UNC and P&G to Provide First Analysis of Environmental Health in Malawi Hospitals | Source: UNC News, May 15 2016 |
Millions of Malawians seek medical care in the country’s health care facilities each year. Yet, an analysis of the environmental health status in these facilities has never been performed. This summer, baseline measurements will be collected thanks to a partnership between the University of North Carolina at Chapel Hill and Procter & Gamble (P&G) through the Children’s Safe Drinking Water Program (CSDW).
Patients being cared for at Kamuzu Central Hospital in Malawi.
“Health facilities should not be places to acquire infection due to lack of clean water, hygiene and sanitation; they should be places for cure,” says Innocent Mofolo, associate country director of UNC Project-Malawi. “WaSH should be part of an integrated approach to health and human development. This assessment will help determine WaSH gaps that exist in most of our health facilities and devise strategies to improve the situation.”
The assessment of 45 health facilities in the northern, central and southern regions of Malawi is being funded by a generous donation from P&G. Data collection will begin in August by researchers from the UNC Institute for Global Health and Infectious Diseases and its UNC Project in Malawi and the Water Institute at UNC.
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The Kenema district development mission, a group of Sierra Leoneans based in the United States, has commenced the rehabilitation of the deplorable state of the toilets at the government hospital following persistent cries from patients and members of the public for the facilities to be improved.
Chairman of the group, Francis Samba said as Sierra Leoneans and natives of the district, it should be their responsibility to always come to the aid of the community, especially on developmental matters.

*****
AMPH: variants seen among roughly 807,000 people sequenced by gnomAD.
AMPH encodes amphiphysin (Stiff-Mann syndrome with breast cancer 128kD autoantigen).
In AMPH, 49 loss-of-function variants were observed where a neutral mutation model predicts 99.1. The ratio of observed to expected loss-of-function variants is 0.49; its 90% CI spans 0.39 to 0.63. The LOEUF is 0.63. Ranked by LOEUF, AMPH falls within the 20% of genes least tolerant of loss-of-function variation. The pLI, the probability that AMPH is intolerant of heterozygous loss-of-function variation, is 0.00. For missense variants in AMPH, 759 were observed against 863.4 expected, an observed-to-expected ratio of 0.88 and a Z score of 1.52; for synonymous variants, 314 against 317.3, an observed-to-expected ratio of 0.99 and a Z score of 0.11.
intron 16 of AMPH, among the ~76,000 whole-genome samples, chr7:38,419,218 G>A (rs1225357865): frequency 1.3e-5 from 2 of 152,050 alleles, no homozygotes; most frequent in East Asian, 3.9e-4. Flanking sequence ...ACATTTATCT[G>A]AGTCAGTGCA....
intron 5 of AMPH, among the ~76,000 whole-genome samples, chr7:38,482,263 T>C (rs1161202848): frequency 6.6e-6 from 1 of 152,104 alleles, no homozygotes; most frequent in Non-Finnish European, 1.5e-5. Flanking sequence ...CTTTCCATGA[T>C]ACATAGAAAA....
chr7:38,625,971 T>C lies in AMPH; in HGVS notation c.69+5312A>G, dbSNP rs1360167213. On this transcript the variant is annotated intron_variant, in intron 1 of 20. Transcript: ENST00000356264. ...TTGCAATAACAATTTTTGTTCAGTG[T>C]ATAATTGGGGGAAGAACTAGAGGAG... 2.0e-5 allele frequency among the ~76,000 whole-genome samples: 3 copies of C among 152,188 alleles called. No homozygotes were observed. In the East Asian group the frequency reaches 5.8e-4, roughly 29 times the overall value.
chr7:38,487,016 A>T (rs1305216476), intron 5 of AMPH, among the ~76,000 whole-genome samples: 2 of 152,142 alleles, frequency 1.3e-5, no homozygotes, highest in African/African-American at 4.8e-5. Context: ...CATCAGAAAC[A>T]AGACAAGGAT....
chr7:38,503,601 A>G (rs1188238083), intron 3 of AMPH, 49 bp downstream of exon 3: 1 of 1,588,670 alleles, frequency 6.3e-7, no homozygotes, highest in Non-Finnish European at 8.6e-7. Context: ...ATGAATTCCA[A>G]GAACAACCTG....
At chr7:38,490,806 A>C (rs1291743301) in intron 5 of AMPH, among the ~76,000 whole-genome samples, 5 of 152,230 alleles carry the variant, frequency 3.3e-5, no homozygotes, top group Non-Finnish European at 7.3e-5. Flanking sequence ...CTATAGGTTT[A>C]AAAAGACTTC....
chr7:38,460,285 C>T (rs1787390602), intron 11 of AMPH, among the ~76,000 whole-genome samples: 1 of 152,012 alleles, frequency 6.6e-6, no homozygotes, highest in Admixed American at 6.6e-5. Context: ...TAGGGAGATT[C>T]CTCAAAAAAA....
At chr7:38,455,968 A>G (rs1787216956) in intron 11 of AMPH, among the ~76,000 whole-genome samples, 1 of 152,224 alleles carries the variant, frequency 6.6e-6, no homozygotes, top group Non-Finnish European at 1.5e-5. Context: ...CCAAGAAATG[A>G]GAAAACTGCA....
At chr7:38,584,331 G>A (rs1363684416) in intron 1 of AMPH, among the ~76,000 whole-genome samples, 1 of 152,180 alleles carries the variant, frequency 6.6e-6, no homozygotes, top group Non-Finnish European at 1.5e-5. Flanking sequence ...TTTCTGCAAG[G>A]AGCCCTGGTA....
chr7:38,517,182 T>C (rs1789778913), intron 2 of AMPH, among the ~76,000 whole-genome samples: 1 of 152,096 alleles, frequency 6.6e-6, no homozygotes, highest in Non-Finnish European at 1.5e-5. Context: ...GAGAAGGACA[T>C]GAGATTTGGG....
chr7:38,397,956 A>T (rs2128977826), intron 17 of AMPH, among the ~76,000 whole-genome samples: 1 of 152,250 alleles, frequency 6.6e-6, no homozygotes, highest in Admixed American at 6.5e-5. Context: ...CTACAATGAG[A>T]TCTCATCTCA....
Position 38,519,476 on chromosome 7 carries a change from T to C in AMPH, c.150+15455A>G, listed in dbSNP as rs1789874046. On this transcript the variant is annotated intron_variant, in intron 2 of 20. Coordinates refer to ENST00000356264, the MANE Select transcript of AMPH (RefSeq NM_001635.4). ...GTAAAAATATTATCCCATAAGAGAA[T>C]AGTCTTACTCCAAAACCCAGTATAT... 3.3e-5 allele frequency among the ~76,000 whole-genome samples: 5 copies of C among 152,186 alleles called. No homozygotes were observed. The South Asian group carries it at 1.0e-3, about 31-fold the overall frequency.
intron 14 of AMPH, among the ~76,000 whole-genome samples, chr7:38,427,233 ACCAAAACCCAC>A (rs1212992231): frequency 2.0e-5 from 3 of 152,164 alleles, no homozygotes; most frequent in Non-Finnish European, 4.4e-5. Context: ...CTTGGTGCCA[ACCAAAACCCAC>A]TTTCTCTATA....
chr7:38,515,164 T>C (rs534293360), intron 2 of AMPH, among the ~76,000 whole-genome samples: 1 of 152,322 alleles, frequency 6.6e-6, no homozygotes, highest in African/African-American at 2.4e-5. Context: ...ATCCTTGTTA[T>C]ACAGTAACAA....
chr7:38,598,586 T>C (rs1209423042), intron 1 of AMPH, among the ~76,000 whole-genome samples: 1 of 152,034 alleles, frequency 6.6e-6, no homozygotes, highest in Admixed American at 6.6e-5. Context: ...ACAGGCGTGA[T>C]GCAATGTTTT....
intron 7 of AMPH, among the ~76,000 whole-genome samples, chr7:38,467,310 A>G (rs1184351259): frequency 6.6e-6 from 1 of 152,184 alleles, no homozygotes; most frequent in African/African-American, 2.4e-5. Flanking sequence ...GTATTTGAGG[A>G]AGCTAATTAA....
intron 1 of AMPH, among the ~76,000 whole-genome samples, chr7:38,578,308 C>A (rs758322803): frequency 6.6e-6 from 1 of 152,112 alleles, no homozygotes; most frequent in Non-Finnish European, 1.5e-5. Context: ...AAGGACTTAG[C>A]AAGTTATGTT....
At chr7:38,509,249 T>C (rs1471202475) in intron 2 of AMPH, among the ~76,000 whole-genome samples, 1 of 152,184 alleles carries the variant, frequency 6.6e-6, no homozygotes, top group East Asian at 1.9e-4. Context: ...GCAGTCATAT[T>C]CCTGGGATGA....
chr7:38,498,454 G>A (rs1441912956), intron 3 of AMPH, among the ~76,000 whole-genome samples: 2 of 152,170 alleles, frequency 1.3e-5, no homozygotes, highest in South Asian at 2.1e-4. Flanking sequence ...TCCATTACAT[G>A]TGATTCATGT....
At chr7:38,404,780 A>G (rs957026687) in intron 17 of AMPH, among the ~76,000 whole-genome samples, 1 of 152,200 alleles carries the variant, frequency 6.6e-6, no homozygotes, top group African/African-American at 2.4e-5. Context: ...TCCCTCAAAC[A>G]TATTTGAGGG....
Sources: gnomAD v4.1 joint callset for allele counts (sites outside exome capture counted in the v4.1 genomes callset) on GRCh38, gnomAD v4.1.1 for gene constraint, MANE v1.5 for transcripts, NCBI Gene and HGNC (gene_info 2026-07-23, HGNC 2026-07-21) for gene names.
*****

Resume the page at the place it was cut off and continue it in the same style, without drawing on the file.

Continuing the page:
He said the toilet condition, as reported by the hospital management, has been appalling, thus making it compelling for them to intervene and solve the problem.
“We are currently residing in the USA but we are very concern about the health of our people and the community. The toilet project, which is worth about Le7 million [US$ 109,000], will greatly benefit members of the hospital; we will continue to help whenever the need arises,” he said.
[…] Medical superintendent, Samuel Sesay […] assured the group that the toilets would be properly maintained.
Source: Abrahim Abdulai, Concord Times / allAfrica.com, 27 Jan 2009
Solid waste produced by the health-care system in Kabul and other major cities is not being properly managed and poses a serious public health risk, according to health experts.
Medical waste – including used needles and syringes, soiled dressings, body parts, diagnostic samples, blood, chemicals, pharmaceuticals and medical devices – is lying in open rubbish dumps near hospitals in urban areas.
Afghanistan does not have bylaws on the safe management of medical waste, and over 60 public and private hospitals in Kabul do not have incinerators or other equipment to deal with the problem.
At least seven children involved in scavenging in Herat Province, western Afghanistan, have been infected by hepatitis B, syphilis and suspected cases of HIV, the Children Protection Action Network (C-PAN) reported.
Officials at Kabul Municipality also reported at least two suspected cases of hepatitis B among city cleaners in September.
Related web site: WHO – Healthcare Waste Management
Source: IRIN, 14 Oct 2008
7th August 2008, AUK Staff
Hand washing amongst doctors remains poor according to results of an Australian study. This is despite both local and national education to promote the benefits of having clean hands when seeing patients. Doctors have come out worse than other healthcare professionals in their adherence to keeping their extremities free of germs. (…)
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ABIDJAN, 31 March 2008 (IRIN) – Hygiene in most hospitals in Cote d’Ivoire is so low that the ministry of health has launched a nationwide clean-up campaign. […] The director of public health Alexandre N’Guessan said he believed that most of the infections occur because medical waste has not been properly disposed of as health workers are not following established norms.
Read more: IRIN, 31 Mar 2008